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U.S. and U.K. Developed 'Novichok' Nerve Agent Linked to Ex-Spy's Poisoning, Russian Official Claims

Suzanne Plunkett / Reuters

The potent nerve agent linked to the poisoning of a Russian ex-spy in Britain may have been developed in the U.S. and the U.K. rather than Russia, a senior Russian has said.

Britain’s Foreign Secretary Boris Johnson said Friday that it was “overwhelmingly likely” that Russia’s President Vladimir Putin directed the March 4 poisoning of former military intelligence officer Sergei Skripal and his daughter in the English city of Salisbury. Britain has said that the weapon used in the attempted murder was believed to be from the Novichok family of nerve agents, which were reportedly first developed by the Soviet military.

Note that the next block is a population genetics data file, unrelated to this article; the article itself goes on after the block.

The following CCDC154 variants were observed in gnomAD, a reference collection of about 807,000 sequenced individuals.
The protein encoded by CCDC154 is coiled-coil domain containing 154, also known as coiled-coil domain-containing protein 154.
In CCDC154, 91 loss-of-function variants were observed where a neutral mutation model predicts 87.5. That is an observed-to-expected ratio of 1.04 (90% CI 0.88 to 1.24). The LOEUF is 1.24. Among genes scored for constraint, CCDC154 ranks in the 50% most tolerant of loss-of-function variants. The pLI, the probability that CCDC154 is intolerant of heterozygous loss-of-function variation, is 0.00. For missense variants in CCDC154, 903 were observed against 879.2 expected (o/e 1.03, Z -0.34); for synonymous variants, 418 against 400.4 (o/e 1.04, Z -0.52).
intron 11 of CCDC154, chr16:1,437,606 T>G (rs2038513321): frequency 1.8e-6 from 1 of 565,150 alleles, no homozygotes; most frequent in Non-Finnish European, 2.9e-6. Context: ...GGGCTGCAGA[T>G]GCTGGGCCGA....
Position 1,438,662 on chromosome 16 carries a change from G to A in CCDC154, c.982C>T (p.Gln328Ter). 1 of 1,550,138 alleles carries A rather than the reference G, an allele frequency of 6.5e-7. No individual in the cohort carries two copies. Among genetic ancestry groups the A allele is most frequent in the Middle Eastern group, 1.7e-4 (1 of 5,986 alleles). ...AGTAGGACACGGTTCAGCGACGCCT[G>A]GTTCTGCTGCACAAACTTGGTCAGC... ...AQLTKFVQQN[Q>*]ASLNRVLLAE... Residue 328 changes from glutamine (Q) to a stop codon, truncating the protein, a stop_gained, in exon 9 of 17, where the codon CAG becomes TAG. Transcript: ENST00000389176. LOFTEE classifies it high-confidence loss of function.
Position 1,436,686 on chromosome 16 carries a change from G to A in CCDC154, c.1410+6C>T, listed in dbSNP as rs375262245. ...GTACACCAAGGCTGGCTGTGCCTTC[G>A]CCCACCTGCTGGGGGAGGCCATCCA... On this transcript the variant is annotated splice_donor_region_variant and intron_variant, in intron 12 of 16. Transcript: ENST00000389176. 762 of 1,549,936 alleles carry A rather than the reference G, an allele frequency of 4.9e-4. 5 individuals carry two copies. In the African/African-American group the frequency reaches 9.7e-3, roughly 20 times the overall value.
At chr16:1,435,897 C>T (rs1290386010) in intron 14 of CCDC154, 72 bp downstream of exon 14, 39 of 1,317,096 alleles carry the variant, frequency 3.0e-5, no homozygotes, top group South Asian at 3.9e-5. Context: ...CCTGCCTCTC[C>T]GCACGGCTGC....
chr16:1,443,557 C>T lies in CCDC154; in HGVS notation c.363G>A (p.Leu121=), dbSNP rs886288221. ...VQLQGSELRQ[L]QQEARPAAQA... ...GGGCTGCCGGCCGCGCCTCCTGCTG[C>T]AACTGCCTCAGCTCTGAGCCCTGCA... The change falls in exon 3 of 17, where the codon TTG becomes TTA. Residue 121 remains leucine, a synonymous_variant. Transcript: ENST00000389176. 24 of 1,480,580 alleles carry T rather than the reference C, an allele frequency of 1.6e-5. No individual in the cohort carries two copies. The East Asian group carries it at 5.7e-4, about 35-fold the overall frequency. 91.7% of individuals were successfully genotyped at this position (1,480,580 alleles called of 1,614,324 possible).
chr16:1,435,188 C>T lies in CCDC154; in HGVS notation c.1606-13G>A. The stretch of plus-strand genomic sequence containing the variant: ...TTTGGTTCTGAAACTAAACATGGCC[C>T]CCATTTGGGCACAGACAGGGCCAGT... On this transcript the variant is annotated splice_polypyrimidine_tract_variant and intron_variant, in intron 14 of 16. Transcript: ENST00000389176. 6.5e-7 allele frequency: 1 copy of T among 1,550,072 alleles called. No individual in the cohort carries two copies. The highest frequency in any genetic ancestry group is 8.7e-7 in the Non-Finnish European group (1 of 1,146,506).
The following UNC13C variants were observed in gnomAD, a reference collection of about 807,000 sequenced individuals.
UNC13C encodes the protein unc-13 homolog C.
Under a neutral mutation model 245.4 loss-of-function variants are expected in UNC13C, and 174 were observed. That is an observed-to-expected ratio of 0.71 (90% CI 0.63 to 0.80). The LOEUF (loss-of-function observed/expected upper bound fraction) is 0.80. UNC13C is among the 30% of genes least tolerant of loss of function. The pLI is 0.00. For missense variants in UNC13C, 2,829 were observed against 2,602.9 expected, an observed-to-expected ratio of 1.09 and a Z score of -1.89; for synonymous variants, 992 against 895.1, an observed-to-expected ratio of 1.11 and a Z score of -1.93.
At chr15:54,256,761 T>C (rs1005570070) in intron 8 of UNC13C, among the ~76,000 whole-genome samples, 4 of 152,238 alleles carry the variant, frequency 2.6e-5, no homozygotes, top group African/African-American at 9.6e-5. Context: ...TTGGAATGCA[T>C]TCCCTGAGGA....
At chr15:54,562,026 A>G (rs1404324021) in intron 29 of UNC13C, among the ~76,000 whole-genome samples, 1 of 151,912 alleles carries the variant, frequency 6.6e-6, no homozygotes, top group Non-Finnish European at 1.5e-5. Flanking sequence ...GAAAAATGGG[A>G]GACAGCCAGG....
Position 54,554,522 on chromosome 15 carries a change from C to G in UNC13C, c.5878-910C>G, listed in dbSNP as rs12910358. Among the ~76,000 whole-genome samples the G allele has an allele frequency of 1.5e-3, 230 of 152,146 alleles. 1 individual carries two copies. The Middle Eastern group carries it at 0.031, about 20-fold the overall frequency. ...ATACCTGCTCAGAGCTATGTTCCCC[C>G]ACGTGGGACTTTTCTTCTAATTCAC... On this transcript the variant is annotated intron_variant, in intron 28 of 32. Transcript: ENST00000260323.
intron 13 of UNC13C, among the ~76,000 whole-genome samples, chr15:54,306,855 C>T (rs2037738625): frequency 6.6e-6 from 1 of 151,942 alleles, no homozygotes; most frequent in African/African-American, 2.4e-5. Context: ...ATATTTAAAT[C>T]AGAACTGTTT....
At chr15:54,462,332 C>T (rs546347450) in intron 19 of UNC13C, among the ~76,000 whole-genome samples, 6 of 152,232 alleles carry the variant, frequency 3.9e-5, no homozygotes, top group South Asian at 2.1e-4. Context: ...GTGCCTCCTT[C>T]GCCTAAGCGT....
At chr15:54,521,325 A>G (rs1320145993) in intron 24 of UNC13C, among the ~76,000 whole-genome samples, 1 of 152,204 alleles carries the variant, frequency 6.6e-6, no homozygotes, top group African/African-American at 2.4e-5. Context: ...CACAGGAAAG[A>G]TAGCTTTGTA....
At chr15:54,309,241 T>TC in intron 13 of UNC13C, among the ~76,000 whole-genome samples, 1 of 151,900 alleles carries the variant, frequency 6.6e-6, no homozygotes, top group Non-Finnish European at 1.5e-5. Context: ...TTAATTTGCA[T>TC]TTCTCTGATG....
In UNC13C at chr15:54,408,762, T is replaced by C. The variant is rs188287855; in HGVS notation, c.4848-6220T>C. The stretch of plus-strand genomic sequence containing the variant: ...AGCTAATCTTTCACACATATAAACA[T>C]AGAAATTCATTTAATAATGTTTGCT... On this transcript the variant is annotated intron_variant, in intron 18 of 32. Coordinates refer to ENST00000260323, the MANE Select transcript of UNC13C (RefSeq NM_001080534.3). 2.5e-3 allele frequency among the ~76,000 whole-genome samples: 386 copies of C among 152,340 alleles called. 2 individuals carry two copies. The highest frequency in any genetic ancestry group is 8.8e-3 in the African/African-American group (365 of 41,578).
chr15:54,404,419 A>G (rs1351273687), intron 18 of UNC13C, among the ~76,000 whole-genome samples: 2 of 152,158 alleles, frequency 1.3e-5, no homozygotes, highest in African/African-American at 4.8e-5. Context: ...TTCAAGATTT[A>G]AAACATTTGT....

"There has never been a ‘Novichok’ research project conducted in Russia," Alexander Shulgin, Russia's representative to the Organization for the Prohibition of Chemical Weapons (OPCW) in The Hague, told state television on Friday.

"But in the West, some countries carried out such research, which they called 'Novichok, for some reason," Shulgin told the hosts of the Rossia-1 television channel. 

The official singled out both the U.K. and the U.S. as countries where the Novichok-class agent was reportedly developed, adding that it “may very well be that the substance used [in Skripal’s poisoning] may have come from the stocks” of the two Western countries.

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